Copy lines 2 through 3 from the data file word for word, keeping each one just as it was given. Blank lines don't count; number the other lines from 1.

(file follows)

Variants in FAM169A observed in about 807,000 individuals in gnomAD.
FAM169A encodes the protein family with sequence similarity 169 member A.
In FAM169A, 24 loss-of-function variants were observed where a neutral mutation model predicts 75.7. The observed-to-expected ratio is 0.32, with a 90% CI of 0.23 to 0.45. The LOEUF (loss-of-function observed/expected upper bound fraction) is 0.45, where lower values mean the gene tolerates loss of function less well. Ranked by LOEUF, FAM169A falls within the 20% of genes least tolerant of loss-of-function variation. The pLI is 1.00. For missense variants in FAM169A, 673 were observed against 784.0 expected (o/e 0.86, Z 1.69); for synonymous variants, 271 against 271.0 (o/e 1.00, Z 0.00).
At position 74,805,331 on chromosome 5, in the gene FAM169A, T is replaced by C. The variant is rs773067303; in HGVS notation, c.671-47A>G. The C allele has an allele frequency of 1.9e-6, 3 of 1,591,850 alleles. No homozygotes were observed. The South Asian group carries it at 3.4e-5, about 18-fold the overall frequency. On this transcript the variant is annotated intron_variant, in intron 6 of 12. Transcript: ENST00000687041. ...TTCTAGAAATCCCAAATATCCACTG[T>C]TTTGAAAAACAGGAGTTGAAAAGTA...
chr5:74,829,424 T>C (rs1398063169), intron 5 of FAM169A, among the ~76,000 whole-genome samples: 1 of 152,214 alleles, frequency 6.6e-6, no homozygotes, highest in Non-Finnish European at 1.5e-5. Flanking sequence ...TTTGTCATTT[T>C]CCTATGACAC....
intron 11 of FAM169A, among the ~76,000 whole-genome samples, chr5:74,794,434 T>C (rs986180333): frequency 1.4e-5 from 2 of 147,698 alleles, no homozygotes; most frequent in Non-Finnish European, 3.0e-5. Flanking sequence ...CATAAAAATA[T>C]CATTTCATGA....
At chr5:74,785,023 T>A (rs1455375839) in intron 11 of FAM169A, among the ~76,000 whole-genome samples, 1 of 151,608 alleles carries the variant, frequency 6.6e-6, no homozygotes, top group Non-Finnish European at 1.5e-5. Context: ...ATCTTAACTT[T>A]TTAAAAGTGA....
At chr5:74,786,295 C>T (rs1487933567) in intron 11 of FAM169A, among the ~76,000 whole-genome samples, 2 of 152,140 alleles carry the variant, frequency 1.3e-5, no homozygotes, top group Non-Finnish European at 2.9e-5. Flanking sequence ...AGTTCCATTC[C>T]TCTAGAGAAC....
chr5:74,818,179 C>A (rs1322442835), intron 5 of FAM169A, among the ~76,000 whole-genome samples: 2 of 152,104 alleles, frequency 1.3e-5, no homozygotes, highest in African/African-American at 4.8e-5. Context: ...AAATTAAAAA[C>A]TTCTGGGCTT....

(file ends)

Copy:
FAM169A encodes the protein family with sequence similarity 169 member A.
In FAM169A, 24 loss-of-function variants were observed where a neutral mutation model predicts 75.7. The observed-to-expected ratio is 0.32, with a 90% CI of 0.23 to 0.45. The LOEUF (loss-of-function observed/expected upper bound fraction) is 0.45, where lower values mean the gene tolerates loss of function less well. Ranked by LOEUF, FAM169A falls within the 20% of genes least tolerant of loss-of-function variation. The pLI is 1.00. For missense variants in FAM169A, 673 were observed against 784.0 expected (o/e 0.86, Z 1.69); for synonymous variants, 271 against 271.0 (o/e 1.00, Z 0.00).